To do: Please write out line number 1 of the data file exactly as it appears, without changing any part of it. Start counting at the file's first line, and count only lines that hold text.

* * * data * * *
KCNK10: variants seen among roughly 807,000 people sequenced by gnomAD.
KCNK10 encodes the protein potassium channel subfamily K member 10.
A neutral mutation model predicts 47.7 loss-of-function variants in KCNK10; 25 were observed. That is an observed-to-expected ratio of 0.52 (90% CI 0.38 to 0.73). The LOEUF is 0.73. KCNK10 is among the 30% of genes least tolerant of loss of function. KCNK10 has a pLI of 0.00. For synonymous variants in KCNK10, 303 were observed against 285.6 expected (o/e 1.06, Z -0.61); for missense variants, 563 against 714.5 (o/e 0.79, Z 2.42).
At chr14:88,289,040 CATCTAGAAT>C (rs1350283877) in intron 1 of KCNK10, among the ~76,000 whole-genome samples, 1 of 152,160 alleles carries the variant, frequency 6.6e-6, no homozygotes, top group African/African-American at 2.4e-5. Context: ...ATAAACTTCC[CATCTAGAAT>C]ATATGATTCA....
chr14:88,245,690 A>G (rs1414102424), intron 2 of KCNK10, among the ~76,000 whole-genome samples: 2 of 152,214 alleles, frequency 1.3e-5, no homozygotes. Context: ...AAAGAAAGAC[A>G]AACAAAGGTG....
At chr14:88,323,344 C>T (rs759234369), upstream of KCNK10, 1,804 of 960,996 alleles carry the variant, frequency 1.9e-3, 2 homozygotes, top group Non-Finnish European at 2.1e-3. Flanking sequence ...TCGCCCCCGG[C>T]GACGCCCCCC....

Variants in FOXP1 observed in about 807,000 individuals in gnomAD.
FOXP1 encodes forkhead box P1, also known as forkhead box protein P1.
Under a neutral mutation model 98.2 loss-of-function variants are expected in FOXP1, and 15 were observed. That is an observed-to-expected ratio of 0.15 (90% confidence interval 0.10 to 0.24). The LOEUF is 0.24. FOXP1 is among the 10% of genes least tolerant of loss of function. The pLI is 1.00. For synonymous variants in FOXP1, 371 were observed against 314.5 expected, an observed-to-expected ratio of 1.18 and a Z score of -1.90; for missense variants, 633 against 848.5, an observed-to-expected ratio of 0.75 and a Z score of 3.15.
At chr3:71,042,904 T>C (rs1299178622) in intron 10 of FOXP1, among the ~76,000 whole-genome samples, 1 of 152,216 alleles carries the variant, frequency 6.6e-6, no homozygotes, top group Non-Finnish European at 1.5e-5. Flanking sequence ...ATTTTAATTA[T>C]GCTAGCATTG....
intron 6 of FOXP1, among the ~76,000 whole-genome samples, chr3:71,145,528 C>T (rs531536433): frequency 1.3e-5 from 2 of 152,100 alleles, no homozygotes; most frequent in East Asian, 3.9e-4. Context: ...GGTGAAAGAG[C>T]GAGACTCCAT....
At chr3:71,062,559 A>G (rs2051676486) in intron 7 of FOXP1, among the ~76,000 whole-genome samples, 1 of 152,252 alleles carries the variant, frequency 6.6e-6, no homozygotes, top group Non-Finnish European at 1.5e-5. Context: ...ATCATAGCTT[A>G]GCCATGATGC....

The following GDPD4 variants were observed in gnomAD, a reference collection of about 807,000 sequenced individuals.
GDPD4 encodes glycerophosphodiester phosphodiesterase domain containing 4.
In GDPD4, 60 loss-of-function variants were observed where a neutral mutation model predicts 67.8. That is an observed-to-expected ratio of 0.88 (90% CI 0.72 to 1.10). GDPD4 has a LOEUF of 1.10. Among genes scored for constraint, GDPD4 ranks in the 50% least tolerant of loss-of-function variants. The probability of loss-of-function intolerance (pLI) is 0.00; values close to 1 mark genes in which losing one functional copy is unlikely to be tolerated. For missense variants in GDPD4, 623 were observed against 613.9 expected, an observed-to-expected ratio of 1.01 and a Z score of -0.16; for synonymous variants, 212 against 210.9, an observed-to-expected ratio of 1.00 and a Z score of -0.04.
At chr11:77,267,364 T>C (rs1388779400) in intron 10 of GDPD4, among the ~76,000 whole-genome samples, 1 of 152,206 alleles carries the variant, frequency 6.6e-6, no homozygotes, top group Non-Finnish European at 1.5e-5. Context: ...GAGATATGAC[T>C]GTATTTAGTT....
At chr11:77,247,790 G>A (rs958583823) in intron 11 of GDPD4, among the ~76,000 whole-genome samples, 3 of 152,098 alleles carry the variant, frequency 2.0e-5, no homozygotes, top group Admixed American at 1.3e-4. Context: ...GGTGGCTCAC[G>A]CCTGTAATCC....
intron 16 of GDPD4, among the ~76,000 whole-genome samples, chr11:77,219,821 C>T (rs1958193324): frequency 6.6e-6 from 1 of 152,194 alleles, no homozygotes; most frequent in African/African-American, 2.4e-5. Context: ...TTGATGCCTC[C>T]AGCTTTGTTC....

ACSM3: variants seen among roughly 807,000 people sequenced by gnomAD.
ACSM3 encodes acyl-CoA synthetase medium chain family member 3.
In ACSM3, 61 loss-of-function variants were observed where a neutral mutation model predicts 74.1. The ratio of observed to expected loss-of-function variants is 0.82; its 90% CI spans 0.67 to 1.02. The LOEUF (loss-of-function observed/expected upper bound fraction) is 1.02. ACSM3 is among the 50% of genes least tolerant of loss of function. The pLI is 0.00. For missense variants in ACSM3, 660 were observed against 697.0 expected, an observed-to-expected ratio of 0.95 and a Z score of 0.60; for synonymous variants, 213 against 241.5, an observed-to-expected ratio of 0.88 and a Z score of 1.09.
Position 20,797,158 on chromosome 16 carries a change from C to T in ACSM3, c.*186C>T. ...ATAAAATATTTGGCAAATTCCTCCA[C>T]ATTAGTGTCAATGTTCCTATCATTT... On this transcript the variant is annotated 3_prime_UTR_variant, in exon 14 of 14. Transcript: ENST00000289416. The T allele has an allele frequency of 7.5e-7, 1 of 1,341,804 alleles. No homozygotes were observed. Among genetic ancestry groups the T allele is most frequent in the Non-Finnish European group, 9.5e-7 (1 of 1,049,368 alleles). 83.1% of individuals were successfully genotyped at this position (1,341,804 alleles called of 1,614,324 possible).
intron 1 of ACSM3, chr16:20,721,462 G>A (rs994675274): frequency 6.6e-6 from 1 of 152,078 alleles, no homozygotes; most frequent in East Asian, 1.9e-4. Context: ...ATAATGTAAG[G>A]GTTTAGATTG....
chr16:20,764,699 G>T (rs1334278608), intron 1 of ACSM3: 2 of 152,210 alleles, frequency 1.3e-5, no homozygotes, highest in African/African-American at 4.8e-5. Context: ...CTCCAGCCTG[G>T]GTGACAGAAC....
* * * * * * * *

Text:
KCNK10: variants seen among roughly 807,000 people sequenced by gnomAD.